Past SPUR Projects

2015 SPUR Projects

  • Astrodynamics and Control Systems Group:

    Students worked on the Solar Probes Plus program in guidance and control, helping with analysis of the SPP attitude control system and performing dry-run test scripts on G&C test bed. They also assisted with implementation of models of spacecraft attitude dynamics, models of flight environment, and software algorithms for attitude control, and refined models for sensors and actuators such as star trackers, Sun sensors, reaction wheel, and thrusters. They performed simulations of attitude-related spacecraft activities such as turns and thruster maneuvers to alter spacecraft trajectory.

    Astrodynamics and Control Systems Group:

    Student learned the fundamental theory behind the low-thrust trajectory optimization tool, currently in development at APL.  After learning the theory, students added additional capability to the tool, such as engine models and power models. Finally, they utilized the software (with his or her enhancements) to solve trajectory design problems that are of key interest to APL, such as mission concepts that are under current investigation as well as validation cases to demonstrate the accuracy of the code. This project enhanced the student’s understanding of cutting edge astrodynamics theory and provided valuable input to the project.
    (Continuing work of a previous SPUR intern).

    Space Technologies and Applied Research Group:

    The size and velocity distribution of small particles less than 100 μ m is very difficult to assess, and often can only be determined with witness plates in simulated experiments. For applications ranging from micrometeor impacts on satellites (such as Solar Probe Plus) spallation results from impacts in LEO objects, knowledge of this distribution is required for the design of better sensors for the detection of impacts as well as protection materials. Optical methods such as phase Doppler interferometry have the potential to provide such information, and potentially can be expanded into sensors for, e.g. space debris measurements for cubes at missions. While such systems exist for the measurement of slow moving droplets, the goal of this project is to determine the feasibility of phase Doppler interferometry as a potential stand-alone instrument for particle size/velocity distribution for velocities up to 10 km/s and particles between 1 and 100 μ m. For these feasibility experiments, APL has a system, developed to investigate the impact of ice micro droplets on aircraft engines, that can generate ice particulates in this size ranges with reasonable, if somewhat smaller, velocities. Students had the opportunity to work with the PI to set up the sensor system, design experiments for different experimental parameter, perform these experiments and the analysis of the experimental data. Students in this internship had a working knowledge of either LabView or MATLAB, as well as backgrounds in in Math, Physics, and/or Electrical Engineering. Familiarity with experimental systems, optics, and laser systems as well as design of experiments and data processing also was helpful.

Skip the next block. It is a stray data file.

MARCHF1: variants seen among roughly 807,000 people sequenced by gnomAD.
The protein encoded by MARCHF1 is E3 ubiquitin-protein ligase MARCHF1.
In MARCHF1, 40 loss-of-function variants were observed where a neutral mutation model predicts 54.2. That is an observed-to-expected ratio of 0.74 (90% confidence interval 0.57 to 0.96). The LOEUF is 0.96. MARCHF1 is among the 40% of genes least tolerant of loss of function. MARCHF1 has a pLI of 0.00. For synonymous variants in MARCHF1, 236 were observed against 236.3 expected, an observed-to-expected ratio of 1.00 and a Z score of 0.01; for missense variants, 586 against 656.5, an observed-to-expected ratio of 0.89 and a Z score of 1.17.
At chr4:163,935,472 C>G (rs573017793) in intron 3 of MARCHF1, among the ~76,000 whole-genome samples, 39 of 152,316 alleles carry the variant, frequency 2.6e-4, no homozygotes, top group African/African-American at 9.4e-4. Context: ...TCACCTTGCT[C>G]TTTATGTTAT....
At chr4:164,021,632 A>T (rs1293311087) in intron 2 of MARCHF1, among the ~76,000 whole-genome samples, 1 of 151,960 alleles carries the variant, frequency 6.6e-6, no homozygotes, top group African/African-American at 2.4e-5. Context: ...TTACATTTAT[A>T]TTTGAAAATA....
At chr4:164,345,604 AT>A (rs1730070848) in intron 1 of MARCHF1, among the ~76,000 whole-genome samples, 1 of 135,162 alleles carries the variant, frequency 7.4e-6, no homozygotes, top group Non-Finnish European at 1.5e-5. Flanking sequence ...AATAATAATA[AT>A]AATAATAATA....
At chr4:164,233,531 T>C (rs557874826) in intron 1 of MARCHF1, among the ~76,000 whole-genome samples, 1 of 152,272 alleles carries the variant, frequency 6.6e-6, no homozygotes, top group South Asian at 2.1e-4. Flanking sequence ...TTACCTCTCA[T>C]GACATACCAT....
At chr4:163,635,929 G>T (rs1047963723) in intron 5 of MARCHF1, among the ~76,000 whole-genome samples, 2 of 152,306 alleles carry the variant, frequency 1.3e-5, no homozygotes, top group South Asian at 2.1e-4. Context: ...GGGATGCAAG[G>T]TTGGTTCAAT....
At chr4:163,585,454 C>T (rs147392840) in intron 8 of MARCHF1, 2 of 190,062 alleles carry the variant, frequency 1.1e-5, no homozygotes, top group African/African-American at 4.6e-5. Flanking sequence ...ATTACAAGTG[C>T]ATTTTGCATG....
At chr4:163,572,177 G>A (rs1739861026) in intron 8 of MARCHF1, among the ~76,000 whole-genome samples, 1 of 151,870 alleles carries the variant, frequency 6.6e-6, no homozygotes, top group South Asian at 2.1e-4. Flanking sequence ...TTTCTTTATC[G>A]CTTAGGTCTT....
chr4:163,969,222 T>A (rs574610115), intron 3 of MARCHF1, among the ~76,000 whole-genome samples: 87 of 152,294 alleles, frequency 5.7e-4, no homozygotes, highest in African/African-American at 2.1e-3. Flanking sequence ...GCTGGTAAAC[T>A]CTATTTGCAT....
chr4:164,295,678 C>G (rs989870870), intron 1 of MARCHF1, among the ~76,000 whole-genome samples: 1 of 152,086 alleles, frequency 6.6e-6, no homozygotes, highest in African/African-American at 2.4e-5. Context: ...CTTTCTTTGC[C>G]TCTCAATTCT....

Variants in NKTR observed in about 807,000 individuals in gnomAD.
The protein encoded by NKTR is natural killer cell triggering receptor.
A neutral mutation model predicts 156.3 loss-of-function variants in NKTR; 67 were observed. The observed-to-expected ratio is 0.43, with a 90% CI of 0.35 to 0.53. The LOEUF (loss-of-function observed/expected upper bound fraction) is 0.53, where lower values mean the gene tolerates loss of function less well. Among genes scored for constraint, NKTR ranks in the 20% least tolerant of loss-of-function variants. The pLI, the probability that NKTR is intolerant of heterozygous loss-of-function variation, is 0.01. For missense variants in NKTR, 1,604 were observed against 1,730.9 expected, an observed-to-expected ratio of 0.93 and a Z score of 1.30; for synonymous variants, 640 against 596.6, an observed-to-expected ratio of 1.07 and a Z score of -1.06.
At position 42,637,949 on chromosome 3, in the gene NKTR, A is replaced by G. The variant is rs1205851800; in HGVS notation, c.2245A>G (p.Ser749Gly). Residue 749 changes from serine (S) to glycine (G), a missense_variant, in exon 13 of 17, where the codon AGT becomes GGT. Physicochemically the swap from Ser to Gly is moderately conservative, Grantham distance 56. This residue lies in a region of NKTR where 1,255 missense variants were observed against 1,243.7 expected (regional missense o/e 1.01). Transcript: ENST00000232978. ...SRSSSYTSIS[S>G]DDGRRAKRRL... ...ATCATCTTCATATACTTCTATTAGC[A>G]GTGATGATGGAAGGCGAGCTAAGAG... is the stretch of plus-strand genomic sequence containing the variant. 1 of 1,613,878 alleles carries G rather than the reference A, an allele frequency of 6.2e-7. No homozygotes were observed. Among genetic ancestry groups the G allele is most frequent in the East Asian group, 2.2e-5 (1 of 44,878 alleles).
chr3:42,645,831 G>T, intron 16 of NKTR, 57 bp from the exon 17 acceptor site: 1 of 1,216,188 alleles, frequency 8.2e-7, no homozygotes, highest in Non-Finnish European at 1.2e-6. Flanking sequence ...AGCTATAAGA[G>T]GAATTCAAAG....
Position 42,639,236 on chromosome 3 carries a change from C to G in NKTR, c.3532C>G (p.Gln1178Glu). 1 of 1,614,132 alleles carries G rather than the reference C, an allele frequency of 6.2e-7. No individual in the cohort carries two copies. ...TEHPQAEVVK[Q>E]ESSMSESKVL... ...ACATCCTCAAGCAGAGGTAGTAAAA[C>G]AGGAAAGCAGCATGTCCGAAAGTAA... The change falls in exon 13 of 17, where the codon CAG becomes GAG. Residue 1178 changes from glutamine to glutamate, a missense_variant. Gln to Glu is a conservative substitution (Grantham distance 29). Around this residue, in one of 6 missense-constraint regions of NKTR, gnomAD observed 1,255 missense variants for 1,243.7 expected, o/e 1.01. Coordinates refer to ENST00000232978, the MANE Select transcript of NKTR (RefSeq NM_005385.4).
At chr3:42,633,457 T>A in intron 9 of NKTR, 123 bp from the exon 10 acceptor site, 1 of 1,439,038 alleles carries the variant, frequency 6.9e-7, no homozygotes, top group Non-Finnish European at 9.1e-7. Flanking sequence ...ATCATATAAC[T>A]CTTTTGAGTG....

• Intelligent Systems Group:

    Students developed 2D/3D perception algorithms for identifying common household object position and orientation in 3D workspace and autonomous control algorithms for moving the Modular Prosthetic Limb (MPL) to desired location. They developed algorithms that automate grasp selection based on geometric properties of the object. Investigate on board sensors for grasp confirmation and slip events.

    Biological Sciences & Engineering Group:

    Robotic prosthetics development and clinical support interns supported development of and clinical fielding of robotic prosthetic systems. Systems include APL’s Modular Prosthetic Limb as well as other commercially available robotic manipulators. Students expanded on current capabilities in software and hardware interfaces, provide device development support, and support clinical experimentation.  Additionally, students became aware of current research and clinical work in the field of prosthetics.  Staff members at APL offered guidance and direction in development, and also encouraged candidate to develop and explore their own ideas. Day to day work involved software programming, CAD design for packaging of hardware interfaces, clinical support, and reading academic publications and discussing ideas and approaches.

    Microelectronics & Microsystems Group: